Libya Nuclear Program Detailed

(Washington Post) In buildings scattered in urban neighborhoods and suburbs of Tripoli, inspectors found crates that held hardware for machinery capable of purifying uranium for use in nuclear weapons. The Libyans displayed dozens of centrifuges, the devices required to develop weapons-grade uranium. By comparison, Iran possesses thousands of centrifuges. Mohammed ElBaradei, director of the International Atomic Energy Agency, said the findings highlighted the inadequacy of international inspections. IAEA teams have been visiting Libya for years and knew nothing about the equipment they saw Sunday. Even permission to allow surprise inspections would not guarantee discovery of a nuclear weapons program. "Low-level programs like this are difficult to detect. They can be run in a garage," ElBaradei said. "You would have to be lucky or have very good intelligence to run across it." Most of the work was done by Libyan scientists, some of whom had studied at the universities of Wisconsin and Minnesota, and at the University of Exeter in Britain, a Western diplomat said.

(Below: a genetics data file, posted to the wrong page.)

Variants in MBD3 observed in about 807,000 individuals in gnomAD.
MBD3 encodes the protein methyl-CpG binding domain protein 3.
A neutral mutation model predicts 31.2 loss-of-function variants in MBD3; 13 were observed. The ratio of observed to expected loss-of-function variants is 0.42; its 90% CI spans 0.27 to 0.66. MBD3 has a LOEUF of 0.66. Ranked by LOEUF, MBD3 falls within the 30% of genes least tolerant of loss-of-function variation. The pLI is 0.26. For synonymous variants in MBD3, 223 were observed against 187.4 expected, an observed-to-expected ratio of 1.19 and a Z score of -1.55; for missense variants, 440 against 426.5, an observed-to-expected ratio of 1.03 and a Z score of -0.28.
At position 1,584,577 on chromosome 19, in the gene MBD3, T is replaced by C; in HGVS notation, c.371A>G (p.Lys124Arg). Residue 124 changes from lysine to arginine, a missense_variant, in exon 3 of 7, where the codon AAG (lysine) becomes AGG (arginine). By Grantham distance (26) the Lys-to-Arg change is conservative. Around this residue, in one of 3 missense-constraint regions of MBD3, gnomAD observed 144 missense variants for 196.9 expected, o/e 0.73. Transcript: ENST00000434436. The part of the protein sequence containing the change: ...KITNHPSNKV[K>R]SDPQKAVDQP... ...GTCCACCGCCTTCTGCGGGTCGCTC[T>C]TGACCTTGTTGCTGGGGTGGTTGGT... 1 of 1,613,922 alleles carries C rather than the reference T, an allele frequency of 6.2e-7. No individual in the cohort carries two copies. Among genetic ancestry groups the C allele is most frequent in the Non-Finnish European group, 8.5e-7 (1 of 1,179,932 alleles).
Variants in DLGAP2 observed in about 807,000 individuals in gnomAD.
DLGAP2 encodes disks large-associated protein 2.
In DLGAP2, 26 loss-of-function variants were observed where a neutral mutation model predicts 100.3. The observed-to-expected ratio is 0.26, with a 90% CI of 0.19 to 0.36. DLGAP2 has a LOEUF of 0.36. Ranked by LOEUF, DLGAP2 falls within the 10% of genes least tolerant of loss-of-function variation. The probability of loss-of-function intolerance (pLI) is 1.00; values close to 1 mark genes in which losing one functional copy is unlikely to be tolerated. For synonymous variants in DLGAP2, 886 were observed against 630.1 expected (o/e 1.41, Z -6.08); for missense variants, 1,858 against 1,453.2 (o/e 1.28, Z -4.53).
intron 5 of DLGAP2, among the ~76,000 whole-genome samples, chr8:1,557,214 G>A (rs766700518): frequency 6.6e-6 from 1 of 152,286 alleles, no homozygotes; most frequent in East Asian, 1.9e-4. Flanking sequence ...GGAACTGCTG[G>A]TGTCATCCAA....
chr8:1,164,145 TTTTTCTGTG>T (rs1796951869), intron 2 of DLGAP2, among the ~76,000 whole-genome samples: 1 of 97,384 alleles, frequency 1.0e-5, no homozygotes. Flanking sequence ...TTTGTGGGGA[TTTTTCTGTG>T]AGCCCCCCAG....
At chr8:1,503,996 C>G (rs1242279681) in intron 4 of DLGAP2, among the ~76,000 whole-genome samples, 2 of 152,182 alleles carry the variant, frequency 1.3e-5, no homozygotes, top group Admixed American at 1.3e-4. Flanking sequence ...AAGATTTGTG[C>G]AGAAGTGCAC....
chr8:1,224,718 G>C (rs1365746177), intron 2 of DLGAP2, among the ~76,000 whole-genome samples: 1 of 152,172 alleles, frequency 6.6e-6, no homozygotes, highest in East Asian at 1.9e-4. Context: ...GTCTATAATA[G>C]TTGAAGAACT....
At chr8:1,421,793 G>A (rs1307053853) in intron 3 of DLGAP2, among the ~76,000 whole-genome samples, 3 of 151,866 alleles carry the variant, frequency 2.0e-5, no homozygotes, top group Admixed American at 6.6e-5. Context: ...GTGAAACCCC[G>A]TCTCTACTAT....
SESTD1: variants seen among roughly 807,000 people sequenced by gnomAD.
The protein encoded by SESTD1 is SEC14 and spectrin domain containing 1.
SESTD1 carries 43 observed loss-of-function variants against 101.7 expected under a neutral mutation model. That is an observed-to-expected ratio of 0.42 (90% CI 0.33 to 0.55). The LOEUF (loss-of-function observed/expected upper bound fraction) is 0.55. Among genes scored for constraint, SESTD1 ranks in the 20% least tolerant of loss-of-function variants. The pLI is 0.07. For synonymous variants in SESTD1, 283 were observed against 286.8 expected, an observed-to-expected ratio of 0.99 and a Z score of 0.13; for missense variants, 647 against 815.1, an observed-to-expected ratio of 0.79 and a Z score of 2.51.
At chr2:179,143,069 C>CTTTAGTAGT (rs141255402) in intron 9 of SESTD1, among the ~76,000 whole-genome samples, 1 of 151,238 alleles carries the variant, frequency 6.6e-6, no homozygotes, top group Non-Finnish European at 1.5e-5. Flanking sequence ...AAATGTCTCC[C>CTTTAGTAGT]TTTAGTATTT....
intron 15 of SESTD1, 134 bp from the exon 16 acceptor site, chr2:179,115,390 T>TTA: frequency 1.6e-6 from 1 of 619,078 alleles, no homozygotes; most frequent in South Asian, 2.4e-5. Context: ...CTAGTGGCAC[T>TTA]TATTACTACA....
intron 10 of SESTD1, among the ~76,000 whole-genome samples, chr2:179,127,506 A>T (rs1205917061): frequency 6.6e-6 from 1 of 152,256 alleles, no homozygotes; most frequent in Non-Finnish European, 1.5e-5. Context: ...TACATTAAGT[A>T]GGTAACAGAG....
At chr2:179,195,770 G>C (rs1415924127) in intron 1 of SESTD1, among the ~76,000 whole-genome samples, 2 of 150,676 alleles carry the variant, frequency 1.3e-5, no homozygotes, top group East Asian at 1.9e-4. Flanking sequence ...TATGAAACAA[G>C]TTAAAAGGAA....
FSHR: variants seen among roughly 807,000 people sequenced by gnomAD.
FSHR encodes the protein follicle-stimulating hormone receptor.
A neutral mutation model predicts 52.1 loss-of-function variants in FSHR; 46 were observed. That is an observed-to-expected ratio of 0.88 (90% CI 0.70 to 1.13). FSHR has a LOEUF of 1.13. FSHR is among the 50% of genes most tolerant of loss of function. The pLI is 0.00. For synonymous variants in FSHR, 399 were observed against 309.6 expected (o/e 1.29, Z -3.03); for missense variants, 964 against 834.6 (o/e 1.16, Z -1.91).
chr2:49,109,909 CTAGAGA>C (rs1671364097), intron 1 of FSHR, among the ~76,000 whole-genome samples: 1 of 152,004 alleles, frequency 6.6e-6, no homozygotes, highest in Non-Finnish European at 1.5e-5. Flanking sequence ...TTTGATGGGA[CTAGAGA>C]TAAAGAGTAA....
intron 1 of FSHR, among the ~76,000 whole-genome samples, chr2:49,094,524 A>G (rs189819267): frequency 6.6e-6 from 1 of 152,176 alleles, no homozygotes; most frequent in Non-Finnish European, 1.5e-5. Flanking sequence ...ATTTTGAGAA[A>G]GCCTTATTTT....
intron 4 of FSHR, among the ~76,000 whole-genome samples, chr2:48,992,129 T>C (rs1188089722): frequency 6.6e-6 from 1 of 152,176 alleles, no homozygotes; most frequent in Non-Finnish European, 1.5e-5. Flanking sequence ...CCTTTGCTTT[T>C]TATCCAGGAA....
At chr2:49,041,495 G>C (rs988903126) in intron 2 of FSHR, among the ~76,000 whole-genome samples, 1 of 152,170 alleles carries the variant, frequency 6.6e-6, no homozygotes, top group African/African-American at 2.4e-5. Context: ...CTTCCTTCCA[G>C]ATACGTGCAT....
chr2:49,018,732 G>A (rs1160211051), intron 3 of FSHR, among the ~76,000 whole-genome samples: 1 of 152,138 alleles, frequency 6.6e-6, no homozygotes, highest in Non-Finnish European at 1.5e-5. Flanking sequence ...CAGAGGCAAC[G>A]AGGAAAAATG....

2003-12-30 00:00:00

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